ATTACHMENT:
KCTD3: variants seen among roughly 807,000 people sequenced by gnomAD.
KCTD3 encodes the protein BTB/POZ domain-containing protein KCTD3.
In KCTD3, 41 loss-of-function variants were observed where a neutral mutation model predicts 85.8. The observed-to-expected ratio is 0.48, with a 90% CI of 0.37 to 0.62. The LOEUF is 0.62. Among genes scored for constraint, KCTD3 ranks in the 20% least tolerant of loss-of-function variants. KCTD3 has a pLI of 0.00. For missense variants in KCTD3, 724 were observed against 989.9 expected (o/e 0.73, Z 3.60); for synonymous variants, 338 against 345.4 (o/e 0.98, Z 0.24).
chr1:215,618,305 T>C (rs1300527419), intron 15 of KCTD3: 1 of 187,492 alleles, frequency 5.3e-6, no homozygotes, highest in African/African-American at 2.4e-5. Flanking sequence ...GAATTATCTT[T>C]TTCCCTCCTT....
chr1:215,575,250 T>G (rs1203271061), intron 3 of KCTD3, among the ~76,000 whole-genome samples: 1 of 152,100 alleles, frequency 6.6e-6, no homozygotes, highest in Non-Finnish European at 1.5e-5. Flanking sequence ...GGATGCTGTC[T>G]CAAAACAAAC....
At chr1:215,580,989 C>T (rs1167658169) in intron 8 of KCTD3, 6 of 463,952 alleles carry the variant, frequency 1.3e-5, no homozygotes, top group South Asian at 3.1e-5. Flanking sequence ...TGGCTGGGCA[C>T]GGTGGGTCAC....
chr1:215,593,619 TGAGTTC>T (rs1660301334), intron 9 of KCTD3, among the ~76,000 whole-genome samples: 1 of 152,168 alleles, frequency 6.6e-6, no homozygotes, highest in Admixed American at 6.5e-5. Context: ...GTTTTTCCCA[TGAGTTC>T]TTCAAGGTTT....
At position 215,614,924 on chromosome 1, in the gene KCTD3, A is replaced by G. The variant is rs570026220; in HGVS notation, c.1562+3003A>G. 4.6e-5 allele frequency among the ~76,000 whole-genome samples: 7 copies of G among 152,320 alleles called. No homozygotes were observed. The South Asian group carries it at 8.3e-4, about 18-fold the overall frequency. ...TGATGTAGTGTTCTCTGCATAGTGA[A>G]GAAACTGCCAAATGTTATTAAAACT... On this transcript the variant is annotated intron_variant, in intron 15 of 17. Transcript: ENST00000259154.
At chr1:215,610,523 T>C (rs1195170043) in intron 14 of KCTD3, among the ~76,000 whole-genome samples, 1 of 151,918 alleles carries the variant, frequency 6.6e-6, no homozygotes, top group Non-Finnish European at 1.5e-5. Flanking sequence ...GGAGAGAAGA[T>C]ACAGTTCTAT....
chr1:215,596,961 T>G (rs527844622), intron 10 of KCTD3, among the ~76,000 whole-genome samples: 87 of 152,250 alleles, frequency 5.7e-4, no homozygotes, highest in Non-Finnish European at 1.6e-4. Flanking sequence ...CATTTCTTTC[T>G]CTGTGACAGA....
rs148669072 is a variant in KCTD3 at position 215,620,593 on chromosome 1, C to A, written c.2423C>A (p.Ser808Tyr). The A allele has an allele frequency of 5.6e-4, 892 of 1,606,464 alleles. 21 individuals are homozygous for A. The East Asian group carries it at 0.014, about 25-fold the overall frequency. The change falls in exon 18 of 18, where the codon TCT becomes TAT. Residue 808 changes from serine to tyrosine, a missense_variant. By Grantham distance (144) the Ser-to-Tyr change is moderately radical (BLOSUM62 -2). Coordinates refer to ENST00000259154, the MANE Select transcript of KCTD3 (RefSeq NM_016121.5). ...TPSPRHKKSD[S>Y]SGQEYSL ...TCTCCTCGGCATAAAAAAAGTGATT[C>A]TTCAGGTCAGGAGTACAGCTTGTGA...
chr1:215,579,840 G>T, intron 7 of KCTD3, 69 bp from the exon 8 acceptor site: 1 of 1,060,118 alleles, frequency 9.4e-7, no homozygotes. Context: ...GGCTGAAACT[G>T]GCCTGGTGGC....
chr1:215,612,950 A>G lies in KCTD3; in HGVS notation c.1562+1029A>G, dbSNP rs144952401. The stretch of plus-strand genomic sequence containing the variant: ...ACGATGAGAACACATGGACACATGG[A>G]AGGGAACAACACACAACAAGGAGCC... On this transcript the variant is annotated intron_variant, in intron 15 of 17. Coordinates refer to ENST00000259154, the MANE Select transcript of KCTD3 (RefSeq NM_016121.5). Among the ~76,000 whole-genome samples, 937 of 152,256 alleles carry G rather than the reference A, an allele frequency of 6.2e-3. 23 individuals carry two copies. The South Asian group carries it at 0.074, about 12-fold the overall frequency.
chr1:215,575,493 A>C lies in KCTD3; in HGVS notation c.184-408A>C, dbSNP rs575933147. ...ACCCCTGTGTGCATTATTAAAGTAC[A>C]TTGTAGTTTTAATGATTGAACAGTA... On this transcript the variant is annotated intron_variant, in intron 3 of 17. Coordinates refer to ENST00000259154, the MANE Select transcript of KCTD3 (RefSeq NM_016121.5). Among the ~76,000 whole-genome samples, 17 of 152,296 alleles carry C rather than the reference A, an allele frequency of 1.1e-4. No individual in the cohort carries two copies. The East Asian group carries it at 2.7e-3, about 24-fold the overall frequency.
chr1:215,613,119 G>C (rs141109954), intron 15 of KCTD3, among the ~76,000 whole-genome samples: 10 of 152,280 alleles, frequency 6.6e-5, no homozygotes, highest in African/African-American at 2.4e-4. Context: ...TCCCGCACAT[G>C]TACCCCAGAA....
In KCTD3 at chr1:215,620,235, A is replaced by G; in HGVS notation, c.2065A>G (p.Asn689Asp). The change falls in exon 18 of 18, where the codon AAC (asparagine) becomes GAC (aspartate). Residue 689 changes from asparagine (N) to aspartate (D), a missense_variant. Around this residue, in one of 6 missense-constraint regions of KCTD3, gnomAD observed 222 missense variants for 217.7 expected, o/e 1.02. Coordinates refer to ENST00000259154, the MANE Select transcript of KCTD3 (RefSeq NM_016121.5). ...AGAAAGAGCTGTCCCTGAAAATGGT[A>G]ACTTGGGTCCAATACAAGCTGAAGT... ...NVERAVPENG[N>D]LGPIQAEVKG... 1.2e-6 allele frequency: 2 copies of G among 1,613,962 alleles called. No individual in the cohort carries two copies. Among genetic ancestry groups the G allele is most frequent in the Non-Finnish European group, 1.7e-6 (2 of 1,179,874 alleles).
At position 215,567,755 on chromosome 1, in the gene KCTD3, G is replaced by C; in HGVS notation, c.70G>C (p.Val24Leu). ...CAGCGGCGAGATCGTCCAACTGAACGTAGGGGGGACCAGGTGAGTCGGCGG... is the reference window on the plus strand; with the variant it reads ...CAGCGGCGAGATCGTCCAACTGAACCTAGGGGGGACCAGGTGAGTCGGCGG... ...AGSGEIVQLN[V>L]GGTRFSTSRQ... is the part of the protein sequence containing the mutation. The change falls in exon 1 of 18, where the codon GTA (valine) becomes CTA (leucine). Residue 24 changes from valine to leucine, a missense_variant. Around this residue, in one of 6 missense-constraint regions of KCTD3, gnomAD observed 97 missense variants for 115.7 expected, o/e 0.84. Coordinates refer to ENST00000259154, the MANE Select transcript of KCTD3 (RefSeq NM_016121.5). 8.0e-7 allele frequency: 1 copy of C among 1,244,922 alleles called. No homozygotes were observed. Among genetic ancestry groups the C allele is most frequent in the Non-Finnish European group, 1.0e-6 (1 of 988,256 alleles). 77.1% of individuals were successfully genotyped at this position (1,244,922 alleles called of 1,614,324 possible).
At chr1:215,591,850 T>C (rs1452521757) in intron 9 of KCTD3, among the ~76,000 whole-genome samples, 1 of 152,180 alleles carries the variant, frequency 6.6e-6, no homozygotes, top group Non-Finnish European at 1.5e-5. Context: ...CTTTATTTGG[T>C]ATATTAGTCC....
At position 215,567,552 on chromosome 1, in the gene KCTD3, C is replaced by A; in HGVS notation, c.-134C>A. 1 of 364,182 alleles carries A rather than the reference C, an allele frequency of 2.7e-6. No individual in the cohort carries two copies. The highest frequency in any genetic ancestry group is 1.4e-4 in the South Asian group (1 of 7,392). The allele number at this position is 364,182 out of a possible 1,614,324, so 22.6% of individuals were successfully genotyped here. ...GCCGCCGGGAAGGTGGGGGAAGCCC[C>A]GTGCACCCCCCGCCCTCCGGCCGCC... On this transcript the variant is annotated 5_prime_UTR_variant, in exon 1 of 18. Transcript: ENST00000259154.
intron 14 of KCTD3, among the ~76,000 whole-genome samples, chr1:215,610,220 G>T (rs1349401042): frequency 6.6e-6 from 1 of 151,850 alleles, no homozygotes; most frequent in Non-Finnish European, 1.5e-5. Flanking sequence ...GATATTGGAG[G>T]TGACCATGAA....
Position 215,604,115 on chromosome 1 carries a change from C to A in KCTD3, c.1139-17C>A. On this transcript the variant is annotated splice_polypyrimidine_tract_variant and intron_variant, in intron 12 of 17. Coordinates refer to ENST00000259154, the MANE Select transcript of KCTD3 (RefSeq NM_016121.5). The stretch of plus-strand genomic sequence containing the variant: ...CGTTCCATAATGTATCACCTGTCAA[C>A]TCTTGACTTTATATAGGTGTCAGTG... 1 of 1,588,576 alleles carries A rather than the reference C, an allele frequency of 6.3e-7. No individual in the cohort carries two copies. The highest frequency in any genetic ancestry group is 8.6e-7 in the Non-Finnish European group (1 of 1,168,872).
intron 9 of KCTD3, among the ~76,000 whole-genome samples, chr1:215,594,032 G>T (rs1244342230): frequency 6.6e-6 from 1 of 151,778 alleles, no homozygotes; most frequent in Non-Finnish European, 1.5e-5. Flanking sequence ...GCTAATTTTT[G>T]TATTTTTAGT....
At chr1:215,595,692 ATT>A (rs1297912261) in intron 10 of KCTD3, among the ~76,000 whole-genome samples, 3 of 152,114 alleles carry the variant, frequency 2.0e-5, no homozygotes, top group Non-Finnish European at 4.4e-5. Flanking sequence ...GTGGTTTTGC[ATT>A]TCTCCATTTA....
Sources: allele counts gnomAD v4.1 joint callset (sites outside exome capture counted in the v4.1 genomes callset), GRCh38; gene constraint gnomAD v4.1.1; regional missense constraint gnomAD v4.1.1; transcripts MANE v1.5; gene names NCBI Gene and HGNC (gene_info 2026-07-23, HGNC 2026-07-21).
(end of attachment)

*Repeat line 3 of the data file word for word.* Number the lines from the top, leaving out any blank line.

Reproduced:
In KCTD3, 41 loss-of-function variants were observed where a neutral mutation model predicts 85.8. The observed-to-expected ratio is 0.48, with a 90% CI of 0.37 to 0.62. The LOEUF is 0.62. Among genes scored for constraint, KCTD3 ranks in the 20% least tolerant of loss-of-function variants. KCTD3 has a pLI of 0.00. For missense variants in KCTD3, 724 were observed against 989.9 expected (o/e 0.73, Z 3.60); for synonymous variants, 338 against 345.4 (o/e 0.98, Z 0.24).